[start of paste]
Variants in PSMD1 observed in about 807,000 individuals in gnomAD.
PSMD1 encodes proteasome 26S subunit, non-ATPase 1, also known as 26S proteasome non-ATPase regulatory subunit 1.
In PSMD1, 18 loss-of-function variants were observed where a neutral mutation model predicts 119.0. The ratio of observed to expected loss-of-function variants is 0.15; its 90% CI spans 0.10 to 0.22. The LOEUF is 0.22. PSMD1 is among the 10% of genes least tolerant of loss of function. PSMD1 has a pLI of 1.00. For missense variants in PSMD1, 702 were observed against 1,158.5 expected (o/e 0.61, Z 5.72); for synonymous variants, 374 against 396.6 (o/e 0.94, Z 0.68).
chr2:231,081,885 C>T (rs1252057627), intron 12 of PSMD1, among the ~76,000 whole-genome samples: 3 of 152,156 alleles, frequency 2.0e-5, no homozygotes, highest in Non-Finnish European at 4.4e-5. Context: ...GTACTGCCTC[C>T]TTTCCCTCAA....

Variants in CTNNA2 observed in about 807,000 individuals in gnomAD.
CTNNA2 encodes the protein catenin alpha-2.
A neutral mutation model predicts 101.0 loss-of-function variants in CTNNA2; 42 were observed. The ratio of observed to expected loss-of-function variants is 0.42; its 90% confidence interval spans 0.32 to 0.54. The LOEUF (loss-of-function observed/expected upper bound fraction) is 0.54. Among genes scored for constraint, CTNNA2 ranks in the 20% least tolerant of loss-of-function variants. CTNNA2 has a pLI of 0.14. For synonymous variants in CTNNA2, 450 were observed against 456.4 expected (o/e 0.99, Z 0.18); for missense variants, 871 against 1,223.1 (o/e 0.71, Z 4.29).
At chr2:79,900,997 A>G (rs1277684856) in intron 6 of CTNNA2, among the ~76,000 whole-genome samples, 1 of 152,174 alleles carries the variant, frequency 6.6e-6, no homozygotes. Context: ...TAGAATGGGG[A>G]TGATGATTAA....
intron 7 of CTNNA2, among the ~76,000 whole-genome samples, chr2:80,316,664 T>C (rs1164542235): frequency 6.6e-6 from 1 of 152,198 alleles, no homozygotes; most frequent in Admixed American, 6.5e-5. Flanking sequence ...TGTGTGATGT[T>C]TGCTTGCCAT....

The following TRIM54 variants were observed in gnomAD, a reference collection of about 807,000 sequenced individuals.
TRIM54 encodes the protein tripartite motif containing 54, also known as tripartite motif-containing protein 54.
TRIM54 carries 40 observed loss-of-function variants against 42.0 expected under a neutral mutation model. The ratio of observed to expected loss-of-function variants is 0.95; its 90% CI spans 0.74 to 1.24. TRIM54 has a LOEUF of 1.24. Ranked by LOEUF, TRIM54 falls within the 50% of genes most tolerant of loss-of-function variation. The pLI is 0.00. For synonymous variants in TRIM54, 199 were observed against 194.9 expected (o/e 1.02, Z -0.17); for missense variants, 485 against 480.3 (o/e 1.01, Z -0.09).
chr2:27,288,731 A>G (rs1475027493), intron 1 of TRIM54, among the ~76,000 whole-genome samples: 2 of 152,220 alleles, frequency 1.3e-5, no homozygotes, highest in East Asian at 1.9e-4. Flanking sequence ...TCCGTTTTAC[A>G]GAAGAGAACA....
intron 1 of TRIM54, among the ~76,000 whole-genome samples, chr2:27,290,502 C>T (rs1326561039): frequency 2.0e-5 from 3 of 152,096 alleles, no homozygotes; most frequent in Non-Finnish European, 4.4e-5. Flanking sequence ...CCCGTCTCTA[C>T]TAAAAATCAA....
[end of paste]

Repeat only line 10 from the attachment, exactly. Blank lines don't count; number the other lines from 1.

The following TRIM54 variants were observed in gnomAD, a reference collection of about 807,000 sequenced individuals.